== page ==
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What are the Different Types of Astigmatism Glasses?

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  • Written By: Marco Sumayao
  • Edited By: Lauren Fritsky
  • Last Modified Date: 12 November 2016
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    Conjecture Corporation
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Astigmatism blurs a person's vision because of an abnormality in eye shape. The eye is oval-shaped, causing light to focus on two points on the retina, rather than on one. Astigmatism glasses correct for this by using an irregularly-shaped lens to even out the abnormality on the eye. Different eyesight conditions allow for different types of astigmatism glasses. These include glasses for astigmatism alone or for compounded vision problems, such as astigmatism with myopia, hyperopia, or presbyopia.

When an individual receives his spherocylinder prescription from an optometrist, he receives three pairs of numbers: sphere, cylinder, and axis. "Sphere" refers to the degree to which he is nearsighted or farsighted, while "cylinder" indicates astigmatism. Patients with abnormal cylinder readings have an irregularly-shaped lens or cornea. "Axis" refers to the location of the irregularity that causes astigmatism. Based on these figures, the optometrist can determine exactly what sort of astigmatism glasses the patient needs.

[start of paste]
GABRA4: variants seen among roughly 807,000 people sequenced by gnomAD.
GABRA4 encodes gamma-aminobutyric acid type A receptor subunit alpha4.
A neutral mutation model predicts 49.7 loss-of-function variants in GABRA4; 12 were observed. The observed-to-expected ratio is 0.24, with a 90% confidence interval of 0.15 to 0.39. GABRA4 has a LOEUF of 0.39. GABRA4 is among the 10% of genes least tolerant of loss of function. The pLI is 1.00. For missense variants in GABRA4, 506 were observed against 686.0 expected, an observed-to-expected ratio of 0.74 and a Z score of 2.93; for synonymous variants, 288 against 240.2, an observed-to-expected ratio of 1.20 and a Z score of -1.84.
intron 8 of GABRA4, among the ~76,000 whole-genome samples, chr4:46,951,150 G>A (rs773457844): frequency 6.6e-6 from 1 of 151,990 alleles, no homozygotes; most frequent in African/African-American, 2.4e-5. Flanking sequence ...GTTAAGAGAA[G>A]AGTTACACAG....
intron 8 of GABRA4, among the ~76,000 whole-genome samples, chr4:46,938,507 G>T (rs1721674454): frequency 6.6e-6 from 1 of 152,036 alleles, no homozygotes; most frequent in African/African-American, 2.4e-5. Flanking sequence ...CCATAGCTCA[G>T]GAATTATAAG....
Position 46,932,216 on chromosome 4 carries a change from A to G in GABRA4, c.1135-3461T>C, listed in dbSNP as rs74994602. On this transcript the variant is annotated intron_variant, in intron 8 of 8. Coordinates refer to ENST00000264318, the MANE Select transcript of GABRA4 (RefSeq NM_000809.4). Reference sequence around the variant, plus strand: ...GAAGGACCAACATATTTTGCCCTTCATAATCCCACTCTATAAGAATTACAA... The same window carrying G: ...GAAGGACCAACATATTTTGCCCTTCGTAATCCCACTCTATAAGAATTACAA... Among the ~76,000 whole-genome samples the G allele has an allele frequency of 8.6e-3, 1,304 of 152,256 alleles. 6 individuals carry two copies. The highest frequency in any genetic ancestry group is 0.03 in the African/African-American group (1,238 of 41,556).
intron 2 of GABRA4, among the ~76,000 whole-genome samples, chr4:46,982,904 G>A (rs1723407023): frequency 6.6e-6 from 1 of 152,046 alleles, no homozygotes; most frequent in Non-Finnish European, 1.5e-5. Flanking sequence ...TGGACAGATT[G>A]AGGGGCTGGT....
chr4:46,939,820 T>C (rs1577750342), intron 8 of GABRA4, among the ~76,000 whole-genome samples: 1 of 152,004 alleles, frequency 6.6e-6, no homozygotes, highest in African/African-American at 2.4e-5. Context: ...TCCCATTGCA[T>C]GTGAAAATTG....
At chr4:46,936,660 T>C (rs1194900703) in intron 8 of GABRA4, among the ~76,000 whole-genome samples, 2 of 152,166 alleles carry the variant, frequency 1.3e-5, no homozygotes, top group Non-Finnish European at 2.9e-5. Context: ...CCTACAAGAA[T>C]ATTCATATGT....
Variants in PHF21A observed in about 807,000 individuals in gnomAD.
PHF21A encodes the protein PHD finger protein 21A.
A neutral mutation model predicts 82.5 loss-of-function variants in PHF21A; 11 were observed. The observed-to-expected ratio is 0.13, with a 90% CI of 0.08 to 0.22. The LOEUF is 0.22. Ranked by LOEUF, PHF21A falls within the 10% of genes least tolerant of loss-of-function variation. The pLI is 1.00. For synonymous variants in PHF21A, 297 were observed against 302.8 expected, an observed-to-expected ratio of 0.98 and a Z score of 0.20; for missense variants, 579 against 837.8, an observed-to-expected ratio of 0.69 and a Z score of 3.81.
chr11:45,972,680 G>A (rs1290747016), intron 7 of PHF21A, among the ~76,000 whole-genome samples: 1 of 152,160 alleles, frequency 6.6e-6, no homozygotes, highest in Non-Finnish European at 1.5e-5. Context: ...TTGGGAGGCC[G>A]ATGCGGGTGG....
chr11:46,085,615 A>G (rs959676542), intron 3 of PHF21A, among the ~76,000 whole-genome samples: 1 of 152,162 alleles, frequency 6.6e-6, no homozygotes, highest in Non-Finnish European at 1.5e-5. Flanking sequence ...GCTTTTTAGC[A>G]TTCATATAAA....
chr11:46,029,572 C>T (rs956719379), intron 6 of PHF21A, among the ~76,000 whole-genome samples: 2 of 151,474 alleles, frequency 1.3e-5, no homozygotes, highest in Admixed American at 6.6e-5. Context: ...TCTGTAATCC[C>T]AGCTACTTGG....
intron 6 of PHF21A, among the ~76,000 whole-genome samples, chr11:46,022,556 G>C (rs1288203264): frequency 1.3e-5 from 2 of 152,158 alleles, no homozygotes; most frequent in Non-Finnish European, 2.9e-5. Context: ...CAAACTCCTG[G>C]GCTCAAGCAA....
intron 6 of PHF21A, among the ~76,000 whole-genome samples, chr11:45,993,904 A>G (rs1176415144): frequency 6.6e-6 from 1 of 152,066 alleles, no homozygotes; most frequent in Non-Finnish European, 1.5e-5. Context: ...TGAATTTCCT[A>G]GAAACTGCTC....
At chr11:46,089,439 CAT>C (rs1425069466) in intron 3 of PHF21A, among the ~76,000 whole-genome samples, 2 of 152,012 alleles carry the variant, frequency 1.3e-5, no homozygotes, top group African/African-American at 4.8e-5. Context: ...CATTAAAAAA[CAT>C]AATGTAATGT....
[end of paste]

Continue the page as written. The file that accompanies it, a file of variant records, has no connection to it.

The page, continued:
People who suffer from astigmatism without any other eye problem can benefit greatly from glasses with toric lenses. The lenses in astigmatism glasses curve more in one area than in another, relative to the location and degree of the irregularity in the eye. This offsets the eye's curve and allows light to focus on a single point in the retina, restoring normal vision.

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If the patient suffers from myopia, or nearsightedness, the toric lenses can be compounded with concave lenses. This allows for both issues to be resolved through one pair of astigmatism glasses. The concave lenses adjust for the myopia, while the toric lenses address the issue of astigmatism. Similarly, individuals with both hyperopia, or farsightedness, and astigmatism can benefit from convex lenses compounded with toric ones.

Astigmatism glasses can also be made for those who suffer from presbyopia, or blurred vision in near objects. Bifocal glasses, which adjust vision for both near and far objects, can be combined with toric lenses. Reading glasses can also be adjusted the same way.

Although astigmatism glasses do provide clearer vision, they do not cure a person of astigmatism. They are also less effective in managing severe cases of mixed astigmatism, in which the two irregular curves on the eyeball aren't perpendicular to each other. The only known treatment for astigmatism to date is laser eye surgery, which has less predictable results. The added risk makes most individuals who have astigmatism opt for managing the condition with astigmatism glasses or contact lenses.

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